Another common question is: "¿What IS proper lubing?"
Still some others that think that offense is the best defense, ask: "Why do you lube your pellets? I shoot them straight out of the tin!"
Fair enough, we all know that each rifle is different but, still, in my years of professional gunsmithing I have found two basic "truths" that apply in airgunning:
1.- Pellets fly best at or below the 875 fps region
2.- PROPER lubing of pellets AND rifles DOES make a difference.
Perhaps in some guns the difference is small enough that it is impossible to measure, but IMHE, there is always a difference.
My mind follows very peculiar paths; "tortuous" would be the word chosen by my wife, but I prefer to think that I am always looking at all problems, sometimes simultaneously, from different points of view. Just part and parcel of being a Gemini, LOL!
In any case, as a pre-requisite experiment to a new design of piston that I need to tackle a complete "re-do" of some military replicas, I wanted to start by testing the new design in a well known platform. Normally, at this stage I would start looking into the classifieds and the whole thing would take some time but, luckily, I had already sourced it some months ago and that was covered. And no, it is not a DIANA.
All good experiments start by laying a "baseline". A point from where all other comparisons are going to be set-up, and so I proceeded to test the gun, after being in storage for some months.
Starting with a good 20 shot string just to bring the gun back to "operational" status, I started chronoing pellets that I knew usually shot well in that brand of airgun.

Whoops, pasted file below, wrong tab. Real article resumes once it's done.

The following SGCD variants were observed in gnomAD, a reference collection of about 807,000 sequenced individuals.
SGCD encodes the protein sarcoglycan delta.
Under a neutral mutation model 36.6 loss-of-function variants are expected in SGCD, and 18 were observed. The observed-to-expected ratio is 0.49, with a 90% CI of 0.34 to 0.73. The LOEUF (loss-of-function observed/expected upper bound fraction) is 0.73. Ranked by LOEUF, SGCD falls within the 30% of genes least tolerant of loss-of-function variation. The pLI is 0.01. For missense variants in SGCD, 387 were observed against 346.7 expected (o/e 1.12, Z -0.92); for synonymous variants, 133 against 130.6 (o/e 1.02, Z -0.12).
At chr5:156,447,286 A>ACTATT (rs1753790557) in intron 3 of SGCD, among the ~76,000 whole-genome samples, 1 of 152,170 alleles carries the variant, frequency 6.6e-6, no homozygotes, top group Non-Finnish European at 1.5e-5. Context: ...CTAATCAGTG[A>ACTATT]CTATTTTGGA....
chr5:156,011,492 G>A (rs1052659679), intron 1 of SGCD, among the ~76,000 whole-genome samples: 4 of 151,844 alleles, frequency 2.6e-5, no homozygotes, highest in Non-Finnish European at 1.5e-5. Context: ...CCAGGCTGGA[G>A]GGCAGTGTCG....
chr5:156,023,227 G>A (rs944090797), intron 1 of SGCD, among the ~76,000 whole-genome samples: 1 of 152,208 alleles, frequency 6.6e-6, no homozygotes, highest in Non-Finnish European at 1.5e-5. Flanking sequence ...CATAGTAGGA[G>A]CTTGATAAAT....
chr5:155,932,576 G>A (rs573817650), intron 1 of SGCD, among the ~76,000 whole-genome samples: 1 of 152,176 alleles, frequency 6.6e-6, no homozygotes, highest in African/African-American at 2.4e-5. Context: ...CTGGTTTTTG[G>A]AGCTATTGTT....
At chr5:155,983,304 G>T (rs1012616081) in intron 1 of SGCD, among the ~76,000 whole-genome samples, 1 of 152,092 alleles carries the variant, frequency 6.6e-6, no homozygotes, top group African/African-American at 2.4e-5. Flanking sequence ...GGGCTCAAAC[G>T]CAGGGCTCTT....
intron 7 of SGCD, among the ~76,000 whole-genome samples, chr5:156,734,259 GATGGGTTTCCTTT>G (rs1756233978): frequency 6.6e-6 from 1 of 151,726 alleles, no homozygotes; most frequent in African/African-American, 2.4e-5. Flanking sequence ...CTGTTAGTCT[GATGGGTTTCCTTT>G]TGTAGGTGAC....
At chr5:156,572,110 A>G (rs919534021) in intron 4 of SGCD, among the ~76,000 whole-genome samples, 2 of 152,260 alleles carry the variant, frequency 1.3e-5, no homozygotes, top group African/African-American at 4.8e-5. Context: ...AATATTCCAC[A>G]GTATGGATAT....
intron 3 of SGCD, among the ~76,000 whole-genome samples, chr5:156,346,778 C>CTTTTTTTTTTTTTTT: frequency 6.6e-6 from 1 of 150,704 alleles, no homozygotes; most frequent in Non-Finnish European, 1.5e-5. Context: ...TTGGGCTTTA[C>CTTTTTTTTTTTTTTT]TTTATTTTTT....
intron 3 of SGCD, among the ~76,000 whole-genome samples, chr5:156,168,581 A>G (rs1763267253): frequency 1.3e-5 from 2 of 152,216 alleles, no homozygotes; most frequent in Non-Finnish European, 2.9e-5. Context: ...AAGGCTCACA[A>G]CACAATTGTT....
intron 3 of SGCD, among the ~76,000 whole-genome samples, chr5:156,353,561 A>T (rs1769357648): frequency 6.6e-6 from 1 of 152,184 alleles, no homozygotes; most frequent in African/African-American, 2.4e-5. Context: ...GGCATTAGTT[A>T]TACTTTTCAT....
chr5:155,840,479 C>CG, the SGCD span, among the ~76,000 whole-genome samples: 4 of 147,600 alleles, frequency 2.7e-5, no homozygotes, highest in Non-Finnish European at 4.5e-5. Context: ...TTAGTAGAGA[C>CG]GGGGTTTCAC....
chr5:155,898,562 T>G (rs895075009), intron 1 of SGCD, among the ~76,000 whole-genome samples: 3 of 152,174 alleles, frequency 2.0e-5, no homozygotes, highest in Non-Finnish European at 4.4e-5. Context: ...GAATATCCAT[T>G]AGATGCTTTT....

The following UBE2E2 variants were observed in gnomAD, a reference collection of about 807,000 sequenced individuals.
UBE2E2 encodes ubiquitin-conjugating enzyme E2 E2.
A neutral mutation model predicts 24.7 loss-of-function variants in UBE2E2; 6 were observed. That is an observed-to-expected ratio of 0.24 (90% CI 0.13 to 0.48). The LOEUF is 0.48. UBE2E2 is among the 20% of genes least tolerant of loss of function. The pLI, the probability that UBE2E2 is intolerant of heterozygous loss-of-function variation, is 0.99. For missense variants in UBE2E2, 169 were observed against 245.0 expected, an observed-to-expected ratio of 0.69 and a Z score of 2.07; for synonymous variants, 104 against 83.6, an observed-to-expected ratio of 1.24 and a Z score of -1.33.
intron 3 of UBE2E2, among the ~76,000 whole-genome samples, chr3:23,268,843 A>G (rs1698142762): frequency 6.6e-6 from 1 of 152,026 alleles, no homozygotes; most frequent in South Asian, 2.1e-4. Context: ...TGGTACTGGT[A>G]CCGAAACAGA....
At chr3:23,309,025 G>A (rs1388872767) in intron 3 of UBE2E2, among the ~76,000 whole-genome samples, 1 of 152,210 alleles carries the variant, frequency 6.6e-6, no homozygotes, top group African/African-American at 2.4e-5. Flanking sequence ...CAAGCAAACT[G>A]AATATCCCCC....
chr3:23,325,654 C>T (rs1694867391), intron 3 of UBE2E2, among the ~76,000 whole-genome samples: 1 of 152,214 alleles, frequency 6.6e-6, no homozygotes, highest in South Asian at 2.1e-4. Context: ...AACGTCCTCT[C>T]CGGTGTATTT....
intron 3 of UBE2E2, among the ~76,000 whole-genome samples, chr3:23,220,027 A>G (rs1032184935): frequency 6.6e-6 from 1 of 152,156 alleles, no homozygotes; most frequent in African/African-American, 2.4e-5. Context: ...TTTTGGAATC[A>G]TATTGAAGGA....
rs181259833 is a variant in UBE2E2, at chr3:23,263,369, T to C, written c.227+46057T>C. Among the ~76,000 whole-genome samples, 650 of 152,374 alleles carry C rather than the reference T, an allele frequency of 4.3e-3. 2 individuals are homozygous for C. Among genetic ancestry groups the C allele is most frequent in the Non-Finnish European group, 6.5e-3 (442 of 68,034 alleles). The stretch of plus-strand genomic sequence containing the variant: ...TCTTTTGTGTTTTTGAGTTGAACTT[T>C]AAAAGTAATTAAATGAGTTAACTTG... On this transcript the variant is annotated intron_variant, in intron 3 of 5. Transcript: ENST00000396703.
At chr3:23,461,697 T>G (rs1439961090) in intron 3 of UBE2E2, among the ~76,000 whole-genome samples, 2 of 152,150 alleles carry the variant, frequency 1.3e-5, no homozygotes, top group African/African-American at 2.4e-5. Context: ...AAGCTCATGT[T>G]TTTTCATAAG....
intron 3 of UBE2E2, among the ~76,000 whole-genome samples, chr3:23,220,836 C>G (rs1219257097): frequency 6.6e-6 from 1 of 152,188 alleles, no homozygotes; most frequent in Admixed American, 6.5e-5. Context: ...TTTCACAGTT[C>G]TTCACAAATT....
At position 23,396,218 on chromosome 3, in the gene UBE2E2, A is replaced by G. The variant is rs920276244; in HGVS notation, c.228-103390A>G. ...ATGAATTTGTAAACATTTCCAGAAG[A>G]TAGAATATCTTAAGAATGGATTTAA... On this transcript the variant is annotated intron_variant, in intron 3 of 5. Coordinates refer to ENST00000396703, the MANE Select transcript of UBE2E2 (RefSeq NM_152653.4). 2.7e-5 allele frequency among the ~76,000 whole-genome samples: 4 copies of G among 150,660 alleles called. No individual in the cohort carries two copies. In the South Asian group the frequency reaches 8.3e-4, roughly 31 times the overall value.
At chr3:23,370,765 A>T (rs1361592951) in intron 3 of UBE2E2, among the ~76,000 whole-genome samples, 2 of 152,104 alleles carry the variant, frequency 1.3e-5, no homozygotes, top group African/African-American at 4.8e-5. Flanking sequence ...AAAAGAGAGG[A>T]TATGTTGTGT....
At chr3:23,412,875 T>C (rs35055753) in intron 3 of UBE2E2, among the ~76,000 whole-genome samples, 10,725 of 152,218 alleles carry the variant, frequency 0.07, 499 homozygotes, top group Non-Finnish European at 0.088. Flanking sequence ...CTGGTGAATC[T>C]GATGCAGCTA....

They are reputed to have bores on the "generous" side, so the first pellet chosen was the JSB Exact 8.44/4.53
As an aside, here I have to remind everyone that the numbers stated for the head size, in the case of JSB, are not exactly measurements taken from the heads of the pellets, but rather obey an indirect method of measuring where they test in different barrels and then assign the head size of the barrel that shoots them best.
I also added to the mix the H&N BFT, both in 4.50 and 4.51 head sizes. My experience is that the head weighs enough to be "upset" by the pressure blow and have a good contact with the rifling.
My DIANA guns (54 and 430L) prefer the 4.51 size, but some other guns prefer the 4.50
Finally, I added the QYS pellets that have been taking most of my time lately. Very uniform, and accurate when the bore likes the land-riding design of the head. Of course, creating a land riding pellet starts with the premise that people know that the design is handicapped in the power it can take. We'll get to that later.
So, all in all, 5 pellets that I consider the best among the current production runs.
AND then I started taking apart the "test mule".
Horror of horrors!
Gobs and gobs of black tars of different densities and viscosities. :-P Dughhhhhh!
It was going to take 3 hours to clean this mess!
But then, looking at the other side of the problem: ¿WHEN would I EVER get a better chance to test what has become the "traditional American grease tune"?
I was not going to do one of those tunes, LOL! .
I do not even have those heavy lubes at hand anymore! It's been YEARS since I stopped using those heavy petroleum derivatives. Paraphrasing a friend "That's dinosaur juice!"
So I closed again the gun, and got the pellets out to create that "baseline".
And a lightbulb flashed in my head: If I am going to compare lube jobs, why not compare also pellet lube jobs?
And the 5 became 7.
The test was simple enough once all the parameters were laid down, we would look at MV and KE of the 7 pellets chosen with the "grease" lube-tune and then clean the whole thing with lacquer thinner, and re-lube with Ultimox 226.
Because we had pellets with different leads and different lubes three shots were allowed between each change of lube, and 5 pellets between each change of lead. And then 10 shots were taken for the record for each pellet.